It was quite the summer for Ryan Kelly.
First, he signed a two-year deal with the Los Angeles Lakers worth over $3 million in guaranteed money. Then, he tied the knot with his long-term girlfriend, Lindsay Cowher.
A lot has happened since he was a second round pick a year ago.
Kelly, who averaged 8.0 points, 3.7 rebounds, and 1.6 assists in 22.2 minutes per game for Coach Mike D’Antoni, is looking to expand on his rookie campaign. From the sounds of it, the Lakers are expecting him to become a piece for the club’s future.
“Ryan did everything we asked of him as a rookie and showed great promise and potential. After rehabbing an injury last summer, he will have the benefit of a full offseason regimen and training camp for the first time in his NBA career, and we anticipate further development as a result,” General Manager Mitch Kupchak said following Kelly’s signing this summer.
Kupchak certainly has a point; Kelly will benefit from a healthy offseason as a professional. He should be able to work on all facets of his game, and come into the upcoming season a much better player.
However, Kelly will lose the benefit of playing in a system that was a good fit for him, and will now play under a regime that will emphasize execution over pace, defense over offense (hopefully), and traditional post-play above all else.
So, what can we expect from Ryan Kelly in 2014-15?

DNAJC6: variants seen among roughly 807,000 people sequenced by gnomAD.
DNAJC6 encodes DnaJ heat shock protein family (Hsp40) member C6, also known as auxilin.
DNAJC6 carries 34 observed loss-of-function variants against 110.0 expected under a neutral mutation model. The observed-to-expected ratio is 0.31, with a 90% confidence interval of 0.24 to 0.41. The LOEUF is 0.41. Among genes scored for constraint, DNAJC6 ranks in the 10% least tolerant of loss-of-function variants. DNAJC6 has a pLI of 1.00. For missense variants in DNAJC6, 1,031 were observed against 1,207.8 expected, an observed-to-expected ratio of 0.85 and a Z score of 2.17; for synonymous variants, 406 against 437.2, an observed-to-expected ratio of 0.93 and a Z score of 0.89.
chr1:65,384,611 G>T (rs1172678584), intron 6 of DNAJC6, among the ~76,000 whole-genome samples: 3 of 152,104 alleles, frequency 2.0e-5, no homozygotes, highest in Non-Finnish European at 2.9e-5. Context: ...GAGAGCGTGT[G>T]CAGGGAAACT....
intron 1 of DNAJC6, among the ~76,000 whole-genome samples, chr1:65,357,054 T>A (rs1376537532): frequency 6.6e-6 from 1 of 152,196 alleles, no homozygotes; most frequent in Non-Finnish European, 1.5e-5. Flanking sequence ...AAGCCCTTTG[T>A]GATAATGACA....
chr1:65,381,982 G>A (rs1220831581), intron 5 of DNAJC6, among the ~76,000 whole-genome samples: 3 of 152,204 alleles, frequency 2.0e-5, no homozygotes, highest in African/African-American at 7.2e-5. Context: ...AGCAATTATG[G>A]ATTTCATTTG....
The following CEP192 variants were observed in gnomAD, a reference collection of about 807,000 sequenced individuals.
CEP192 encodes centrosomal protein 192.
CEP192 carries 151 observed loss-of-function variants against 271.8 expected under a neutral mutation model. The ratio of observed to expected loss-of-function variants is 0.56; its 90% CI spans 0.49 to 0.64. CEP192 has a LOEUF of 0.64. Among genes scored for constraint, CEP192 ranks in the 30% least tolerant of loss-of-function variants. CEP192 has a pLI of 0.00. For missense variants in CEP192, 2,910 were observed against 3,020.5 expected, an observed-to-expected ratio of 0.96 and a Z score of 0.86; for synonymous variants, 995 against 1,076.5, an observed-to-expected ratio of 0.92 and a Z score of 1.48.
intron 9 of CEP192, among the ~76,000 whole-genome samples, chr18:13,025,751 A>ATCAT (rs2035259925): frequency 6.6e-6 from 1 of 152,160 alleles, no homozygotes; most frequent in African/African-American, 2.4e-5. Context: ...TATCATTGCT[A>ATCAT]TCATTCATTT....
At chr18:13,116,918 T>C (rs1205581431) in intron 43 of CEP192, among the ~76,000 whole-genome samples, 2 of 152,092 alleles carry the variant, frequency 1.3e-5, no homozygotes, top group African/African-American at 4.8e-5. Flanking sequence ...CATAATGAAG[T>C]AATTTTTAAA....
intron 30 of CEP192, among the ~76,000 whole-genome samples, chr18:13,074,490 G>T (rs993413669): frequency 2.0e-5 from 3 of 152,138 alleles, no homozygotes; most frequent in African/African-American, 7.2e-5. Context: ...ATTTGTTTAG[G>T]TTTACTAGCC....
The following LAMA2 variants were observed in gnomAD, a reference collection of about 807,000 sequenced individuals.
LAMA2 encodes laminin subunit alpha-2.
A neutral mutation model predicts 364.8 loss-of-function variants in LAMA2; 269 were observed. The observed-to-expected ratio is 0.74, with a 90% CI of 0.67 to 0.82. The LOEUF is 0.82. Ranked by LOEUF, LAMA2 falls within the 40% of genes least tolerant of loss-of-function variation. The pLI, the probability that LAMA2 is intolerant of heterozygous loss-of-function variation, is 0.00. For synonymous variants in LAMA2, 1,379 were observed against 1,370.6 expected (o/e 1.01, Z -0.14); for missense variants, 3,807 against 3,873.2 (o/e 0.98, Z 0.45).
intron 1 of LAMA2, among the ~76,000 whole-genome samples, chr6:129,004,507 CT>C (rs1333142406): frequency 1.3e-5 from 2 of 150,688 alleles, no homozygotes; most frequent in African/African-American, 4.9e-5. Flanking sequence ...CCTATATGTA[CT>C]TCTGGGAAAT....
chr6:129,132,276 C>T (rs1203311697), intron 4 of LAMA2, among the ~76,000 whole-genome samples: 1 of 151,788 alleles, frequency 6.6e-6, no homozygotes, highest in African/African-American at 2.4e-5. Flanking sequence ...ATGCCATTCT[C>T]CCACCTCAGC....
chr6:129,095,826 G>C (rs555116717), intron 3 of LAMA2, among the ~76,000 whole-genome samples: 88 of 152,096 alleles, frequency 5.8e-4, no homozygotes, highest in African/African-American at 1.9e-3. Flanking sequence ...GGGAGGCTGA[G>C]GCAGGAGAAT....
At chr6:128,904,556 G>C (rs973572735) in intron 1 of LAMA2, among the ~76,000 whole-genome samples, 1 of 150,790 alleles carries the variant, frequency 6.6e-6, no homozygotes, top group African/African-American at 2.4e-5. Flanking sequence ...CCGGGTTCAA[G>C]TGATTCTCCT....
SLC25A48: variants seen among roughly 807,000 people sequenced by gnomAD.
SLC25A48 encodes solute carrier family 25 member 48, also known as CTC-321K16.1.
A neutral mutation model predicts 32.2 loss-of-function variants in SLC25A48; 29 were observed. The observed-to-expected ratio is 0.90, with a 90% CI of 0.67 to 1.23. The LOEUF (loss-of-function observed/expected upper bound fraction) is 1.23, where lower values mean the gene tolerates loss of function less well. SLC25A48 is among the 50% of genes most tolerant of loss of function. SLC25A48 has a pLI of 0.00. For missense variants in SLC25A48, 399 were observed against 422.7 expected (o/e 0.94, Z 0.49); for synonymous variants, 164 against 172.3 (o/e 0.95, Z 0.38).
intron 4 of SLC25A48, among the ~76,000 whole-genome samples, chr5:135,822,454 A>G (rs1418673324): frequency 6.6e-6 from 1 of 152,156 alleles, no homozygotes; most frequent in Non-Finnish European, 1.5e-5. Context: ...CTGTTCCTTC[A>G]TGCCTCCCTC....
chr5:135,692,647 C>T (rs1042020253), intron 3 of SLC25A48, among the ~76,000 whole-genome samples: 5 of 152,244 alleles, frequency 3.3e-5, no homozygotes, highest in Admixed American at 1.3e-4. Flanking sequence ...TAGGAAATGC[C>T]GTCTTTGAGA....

First and foremost, we can expect Kelly to be engulfed in competition for minutes. The Lakers brought in Carlos Boozer, Ed Davis, and seventh overall pick Julius Randle; all of whom make their living in the post. Los Angeles also re-signed Jordan Hill and Wesley Johnson, who do their damage in the paint as well.
Much of Kelly’s expectations will follow the setting of the rotation. We will know exactly what this coaching staff thinks of Kelly after the team gets down to business this fall.
If he plays, he will be a stretch-four that comes off the bench as a change of pace player. He will be called upon to create mismatches that many of the other players mentioned (save Wes Johnson, perhaps) can create, and shoot the ball from three.
He adds little on defense at this point in his career, and to earn meaningful minutes he will need to show progress on that end of the floor.
Kelly is a one-sided, offensively oriented player; and that is okay as most role players in the NBA fall under that umbrella. He cannot, however, be a stiff on the defensive side of the ball if he wants to play any type of meaningful minutes in the near future.
So what do I think we will see from Kelly?
I expect to see him as a bench big used in specific offensive lineups. His playing time will be sporadic and strategic, making him a specialist of sorts. I do not think he will average the same minute total, but something in between the 15-20 minute range leaning to the lower end of that spectrum.
In Scott’s offense, it will be interesting to see how he is used other than as a stretch-four from the three-point line. If he is asked to play a lot in the post, I am curious to see how Kelly can facilitate and execute plays run in the tradition of the Princeton style of offense.
In any offensive scheme, there is some use for a player who can create mismatches at his position and stretch the floor. Kelly can do that, and will be used to do so. If he produces offensively, he should get extended run.
If he doesn’t produce offensively?
Then I would expect Ryan Kelly to make himself comfortable in the D-League, sooner rather than later.